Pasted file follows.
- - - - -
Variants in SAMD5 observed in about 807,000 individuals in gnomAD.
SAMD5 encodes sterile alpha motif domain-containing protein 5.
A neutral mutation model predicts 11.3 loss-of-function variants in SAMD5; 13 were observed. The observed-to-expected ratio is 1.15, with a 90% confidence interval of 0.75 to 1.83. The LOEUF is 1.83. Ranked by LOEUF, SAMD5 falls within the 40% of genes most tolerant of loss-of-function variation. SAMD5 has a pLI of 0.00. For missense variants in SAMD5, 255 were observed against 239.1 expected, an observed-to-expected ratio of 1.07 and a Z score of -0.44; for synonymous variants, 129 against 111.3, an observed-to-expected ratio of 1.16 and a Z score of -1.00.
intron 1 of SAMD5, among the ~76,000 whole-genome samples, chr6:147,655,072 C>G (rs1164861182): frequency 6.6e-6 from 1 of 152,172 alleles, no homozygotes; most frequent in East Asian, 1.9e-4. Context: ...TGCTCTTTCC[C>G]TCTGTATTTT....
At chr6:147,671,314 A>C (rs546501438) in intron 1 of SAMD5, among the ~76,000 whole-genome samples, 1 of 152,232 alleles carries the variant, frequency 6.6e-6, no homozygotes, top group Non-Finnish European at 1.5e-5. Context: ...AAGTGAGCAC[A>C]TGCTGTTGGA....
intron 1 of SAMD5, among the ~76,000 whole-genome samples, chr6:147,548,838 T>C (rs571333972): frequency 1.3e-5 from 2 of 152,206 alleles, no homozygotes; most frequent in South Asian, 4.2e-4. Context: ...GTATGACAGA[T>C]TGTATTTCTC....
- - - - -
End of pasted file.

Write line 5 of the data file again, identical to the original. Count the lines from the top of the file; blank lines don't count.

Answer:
At chr6:147,671,314 A>C (rs546501438) in intron 1 of SAMD5, among the ~76,000 whole-genome samples, 1 of 152,232 alleles carries the variant, frequency 6.6e-6, no homozygotes, top group Non-Finnish European at 1.5e-5. Context: ...AAGTGAGCAC[A>C]TGCTGTTGGA....